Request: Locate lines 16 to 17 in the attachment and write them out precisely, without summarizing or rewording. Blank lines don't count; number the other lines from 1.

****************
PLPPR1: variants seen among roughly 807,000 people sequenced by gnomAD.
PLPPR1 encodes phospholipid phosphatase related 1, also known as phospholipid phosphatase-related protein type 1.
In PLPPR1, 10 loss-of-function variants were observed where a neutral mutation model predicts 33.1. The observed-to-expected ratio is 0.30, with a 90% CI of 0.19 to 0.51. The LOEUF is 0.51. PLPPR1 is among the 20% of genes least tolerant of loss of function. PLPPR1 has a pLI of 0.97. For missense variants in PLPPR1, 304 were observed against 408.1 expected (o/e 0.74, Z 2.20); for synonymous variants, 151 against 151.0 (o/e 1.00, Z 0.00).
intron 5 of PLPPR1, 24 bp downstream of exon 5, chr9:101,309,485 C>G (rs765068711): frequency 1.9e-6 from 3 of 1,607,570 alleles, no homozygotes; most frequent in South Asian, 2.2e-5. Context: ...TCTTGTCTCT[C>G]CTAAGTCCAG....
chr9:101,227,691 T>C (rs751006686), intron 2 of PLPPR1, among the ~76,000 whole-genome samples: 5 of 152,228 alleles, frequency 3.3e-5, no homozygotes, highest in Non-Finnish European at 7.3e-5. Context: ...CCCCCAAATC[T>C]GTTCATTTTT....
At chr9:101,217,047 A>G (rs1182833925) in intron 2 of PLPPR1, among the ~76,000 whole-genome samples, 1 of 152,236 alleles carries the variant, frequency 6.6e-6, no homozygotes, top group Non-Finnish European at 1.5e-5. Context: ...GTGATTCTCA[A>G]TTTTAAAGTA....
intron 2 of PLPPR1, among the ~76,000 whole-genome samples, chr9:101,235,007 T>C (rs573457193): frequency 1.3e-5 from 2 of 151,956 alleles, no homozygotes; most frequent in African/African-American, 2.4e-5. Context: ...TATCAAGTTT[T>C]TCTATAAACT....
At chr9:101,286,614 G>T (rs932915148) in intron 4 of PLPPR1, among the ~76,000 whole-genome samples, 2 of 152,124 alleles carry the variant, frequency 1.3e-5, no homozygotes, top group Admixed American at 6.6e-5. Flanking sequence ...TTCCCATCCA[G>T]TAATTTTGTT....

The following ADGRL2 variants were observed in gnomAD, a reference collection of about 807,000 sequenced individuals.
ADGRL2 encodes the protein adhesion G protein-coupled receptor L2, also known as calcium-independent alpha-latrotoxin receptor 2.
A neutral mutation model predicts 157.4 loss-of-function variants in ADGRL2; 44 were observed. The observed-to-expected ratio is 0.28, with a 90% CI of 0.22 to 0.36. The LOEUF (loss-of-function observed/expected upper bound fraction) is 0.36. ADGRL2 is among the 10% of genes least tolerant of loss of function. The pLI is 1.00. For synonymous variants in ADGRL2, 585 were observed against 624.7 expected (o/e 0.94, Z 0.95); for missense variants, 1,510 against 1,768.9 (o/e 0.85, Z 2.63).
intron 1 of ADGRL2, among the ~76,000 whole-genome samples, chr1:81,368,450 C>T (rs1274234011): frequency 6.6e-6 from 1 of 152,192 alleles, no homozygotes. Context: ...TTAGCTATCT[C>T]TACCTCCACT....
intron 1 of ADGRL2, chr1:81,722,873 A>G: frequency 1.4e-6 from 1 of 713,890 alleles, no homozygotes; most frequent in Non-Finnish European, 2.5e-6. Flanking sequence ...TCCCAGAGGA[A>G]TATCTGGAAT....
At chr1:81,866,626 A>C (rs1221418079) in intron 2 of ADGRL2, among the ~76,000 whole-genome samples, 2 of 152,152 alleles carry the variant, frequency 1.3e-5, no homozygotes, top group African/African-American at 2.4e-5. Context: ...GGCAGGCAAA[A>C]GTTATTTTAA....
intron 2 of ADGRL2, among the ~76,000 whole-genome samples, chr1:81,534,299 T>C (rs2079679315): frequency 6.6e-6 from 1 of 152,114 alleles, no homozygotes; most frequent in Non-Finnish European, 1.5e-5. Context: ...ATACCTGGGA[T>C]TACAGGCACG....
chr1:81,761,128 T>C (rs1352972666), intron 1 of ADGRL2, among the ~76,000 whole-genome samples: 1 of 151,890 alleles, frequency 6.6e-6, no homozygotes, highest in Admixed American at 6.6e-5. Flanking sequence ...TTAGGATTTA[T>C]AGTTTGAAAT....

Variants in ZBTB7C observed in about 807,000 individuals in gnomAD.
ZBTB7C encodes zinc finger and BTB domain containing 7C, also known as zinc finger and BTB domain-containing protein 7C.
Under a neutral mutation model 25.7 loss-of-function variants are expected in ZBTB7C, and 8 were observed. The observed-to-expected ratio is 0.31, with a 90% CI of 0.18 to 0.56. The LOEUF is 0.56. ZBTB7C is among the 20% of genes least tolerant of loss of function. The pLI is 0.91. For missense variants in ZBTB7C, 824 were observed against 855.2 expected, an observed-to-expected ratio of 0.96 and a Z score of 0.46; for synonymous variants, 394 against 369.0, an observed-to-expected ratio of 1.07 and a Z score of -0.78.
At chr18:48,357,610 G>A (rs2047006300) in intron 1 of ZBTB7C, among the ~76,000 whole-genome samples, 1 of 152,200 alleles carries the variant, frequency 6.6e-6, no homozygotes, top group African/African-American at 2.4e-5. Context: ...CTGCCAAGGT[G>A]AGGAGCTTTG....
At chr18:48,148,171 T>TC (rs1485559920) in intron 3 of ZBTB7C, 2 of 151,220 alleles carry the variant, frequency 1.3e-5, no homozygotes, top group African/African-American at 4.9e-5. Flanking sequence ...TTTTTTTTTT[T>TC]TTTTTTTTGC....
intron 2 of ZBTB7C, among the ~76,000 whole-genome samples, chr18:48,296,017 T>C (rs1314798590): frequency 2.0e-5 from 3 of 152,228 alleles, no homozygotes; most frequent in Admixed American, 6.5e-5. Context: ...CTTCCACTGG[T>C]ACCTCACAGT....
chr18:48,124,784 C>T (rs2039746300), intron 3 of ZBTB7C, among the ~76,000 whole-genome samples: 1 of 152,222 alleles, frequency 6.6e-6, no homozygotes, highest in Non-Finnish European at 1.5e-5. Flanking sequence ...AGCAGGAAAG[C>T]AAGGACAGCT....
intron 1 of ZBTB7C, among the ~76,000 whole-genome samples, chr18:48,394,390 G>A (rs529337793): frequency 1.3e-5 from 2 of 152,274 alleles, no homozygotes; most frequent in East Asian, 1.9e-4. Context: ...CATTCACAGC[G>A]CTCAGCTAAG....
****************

chr1:81,761,128 T>C (rs1352972666), intron 1 of ADGRL2, among the ~76,000 whole-genome samples: 1 of 151,890 alleles, frequency 6.6e-6, no homozygotes, highest in Admixed American at 6.6e-5. Flanking sequence ...TTAGGATTTA[T>C]AGTTTGAAAT....

Variants in ZBTB7C observed in about 807,000 individuals in gnomAD.